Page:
My husband and I own a small hobby farm in Virginia and have been raising ducks for the last couple of years. Our very first foray into raising a backyard flock began innocently enough with a trip to the local feed store for hay and feed for our two horses. With our truck loaded with as many bales of hay as it could carry, we headed back home with the feed — plus a cardboard box in which six chicks and two ducklings peeped.
The chicks were a planned purchase. The ducklings, however, were a complete impulse purchase after seeing how adorable they were and being assured by the feed store owner that they could live side by side with our new flock of chickens. Well, he was right. We have been raising both ducks and chickens for several years now, quite successfully, in the same run.
However, food and housing requirements for ducks are a bit different than for chickens. But all co-exist in the same run by day with separate sleeping quarters at night. Here’s how to ensure your ducks are comfortable, healthy and well-fed.
Most domestic ducks can’t fly. They were intentionally bred to be heavier than their wild counterparts mainly so they wouldn’t be able to fly away from the farms where they were being raised and also so they would dress out better as table birds. This leaves them extremely vulnerable to predators such as foxes, raccoons and dogs. Ungainly and cumbersome on dry land, ducks aren’t able to escape these predators, so as backyard duck keepers it is our responsibility to provide them with a safe, secure place to live.
Duck housing needs to be secure from predators, but other than that, ducks are extremely cold-hardy so any structure you provide for them doesn’t need to be completely enclosed (as long as it is inside a secure run/pen) and won’t need any type of heat in the winter. Four square feet of floor space per duck should be adequate inside the house as long as they are not confined to it for extended periods of time. Since ducks love both rain and snow, they don’t spend many waking hours indoors.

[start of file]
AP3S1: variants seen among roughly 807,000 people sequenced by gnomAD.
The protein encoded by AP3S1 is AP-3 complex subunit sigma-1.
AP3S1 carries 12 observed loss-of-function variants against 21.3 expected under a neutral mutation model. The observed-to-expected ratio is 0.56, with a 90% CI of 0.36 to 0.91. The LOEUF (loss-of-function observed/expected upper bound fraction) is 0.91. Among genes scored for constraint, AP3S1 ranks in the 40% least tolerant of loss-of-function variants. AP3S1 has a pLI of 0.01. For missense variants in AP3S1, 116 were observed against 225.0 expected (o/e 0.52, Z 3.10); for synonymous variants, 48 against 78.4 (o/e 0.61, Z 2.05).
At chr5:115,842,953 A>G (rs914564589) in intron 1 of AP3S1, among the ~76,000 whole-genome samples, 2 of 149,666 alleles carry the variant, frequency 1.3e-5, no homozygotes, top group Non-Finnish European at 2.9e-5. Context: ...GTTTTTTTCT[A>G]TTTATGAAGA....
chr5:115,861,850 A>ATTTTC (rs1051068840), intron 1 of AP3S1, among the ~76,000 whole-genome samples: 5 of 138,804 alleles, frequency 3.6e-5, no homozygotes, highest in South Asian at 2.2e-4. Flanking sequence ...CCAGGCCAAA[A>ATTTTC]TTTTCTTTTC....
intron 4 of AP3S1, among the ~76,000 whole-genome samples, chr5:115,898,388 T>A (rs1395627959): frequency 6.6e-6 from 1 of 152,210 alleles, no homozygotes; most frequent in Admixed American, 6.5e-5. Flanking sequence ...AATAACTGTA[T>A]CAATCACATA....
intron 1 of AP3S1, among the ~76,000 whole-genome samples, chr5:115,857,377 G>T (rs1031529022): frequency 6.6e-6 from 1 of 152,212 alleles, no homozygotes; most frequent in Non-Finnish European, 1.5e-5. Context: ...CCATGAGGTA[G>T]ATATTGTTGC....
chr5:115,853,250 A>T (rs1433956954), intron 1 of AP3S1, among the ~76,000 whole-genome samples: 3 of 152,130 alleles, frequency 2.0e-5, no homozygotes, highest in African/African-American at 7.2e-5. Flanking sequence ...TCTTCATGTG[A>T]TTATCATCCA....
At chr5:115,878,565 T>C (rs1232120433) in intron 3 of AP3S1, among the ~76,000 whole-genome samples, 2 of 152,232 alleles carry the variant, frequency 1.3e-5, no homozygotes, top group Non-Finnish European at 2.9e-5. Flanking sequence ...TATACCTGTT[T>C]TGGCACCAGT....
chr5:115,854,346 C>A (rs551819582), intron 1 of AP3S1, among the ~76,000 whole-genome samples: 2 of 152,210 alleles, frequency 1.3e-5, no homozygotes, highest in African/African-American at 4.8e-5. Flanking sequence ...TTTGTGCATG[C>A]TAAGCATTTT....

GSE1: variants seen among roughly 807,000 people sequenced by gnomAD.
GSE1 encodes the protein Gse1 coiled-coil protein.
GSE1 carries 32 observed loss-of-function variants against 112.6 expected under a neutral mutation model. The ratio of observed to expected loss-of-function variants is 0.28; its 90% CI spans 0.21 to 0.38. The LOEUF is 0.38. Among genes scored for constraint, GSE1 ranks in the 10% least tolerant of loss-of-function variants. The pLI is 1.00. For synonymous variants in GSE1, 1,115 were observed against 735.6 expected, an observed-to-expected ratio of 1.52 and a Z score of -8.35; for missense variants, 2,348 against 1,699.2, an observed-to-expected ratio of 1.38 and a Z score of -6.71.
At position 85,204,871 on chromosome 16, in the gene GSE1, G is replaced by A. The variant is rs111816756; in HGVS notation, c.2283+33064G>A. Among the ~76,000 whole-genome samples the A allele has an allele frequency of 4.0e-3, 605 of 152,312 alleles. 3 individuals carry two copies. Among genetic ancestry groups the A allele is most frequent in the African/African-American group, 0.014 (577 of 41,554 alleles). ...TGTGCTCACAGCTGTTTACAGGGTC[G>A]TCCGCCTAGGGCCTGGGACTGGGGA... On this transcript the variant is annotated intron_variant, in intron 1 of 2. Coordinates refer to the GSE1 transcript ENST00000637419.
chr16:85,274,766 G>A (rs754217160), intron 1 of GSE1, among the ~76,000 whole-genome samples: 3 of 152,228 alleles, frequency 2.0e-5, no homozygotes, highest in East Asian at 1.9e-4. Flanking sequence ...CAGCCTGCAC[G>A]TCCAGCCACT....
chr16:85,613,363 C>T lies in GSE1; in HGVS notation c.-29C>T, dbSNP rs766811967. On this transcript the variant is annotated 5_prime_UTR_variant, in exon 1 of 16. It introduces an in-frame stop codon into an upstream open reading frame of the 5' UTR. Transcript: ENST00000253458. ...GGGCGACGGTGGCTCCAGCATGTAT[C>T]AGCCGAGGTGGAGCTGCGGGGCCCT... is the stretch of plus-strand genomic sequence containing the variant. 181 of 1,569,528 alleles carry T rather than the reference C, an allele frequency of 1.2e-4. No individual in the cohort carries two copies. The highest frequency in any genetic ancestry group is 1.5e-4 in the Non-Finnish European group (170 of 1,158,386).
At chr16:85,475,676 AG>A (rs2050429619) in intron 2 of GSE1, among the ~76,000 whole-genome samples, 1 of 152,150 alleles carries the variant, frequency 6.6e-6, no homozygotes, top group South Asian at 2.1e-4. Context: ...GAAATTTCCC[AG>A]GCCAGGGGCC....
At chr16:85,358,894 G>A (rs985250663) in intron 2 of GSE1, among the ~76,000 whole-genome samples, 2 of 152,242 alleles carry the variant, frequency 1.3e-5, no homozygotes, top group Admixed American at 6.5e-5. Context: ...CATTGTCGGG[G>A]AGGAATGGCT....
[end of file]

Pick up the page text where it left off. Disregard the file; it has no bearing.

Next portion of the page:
We converted an old wooden doghouse into a house for our first ducks by cutting a door out of a piece of plywood and attaching hinges and a predator-proof lock. We built a ramp, cut plenty of air vents, covered them with ½” hardware cloth, and built a nesting box on one side. Ducks emit a lot of moisture when they breathe, so adequate ventilation and air flow is very important when you are constructing your house. Any house should be at least three feet tall to provide adequate head room and air flow.
A layer of straw will suffice for bedding and nesting material. Ducks don’t perch like chickens and will nestle down in the straw instead to sleep. The straw should be changed out regularly, but always removed immediately if it is wet or if there is any whiff of an ammonia smell.
A duck nesting box should be approximately 16” square, although in my experience ducks won’t necessarily use it. In fact, our ducks prefer large wooden boxes filled with straw, but they aren’t very concerned about privacy or a dedicated nesting area and seem just as happy making a nest in a corner of their house in the straw.
Pen or yard fencing should be 1” or smaller welded wire fencing and sunk into the ground at least 8” to prevent predators from digging underneath. The top should also be covered. Although ducks aren’t at too much risk from attacks by hawks or other aerial predators, foxes and raccoons can easily scale a fence.
While a pond isn’t necessary for raising happy, healthy ducks, they do need a kiddie pool or other tub in which they can submerge their bodies. Ducks have an oil gland at the base of their tail that is activated as they splash water over their backs. This gland helps distribute waterproofing oils over their feathers as they preen their feathers, so providing them a place to bathe is critical.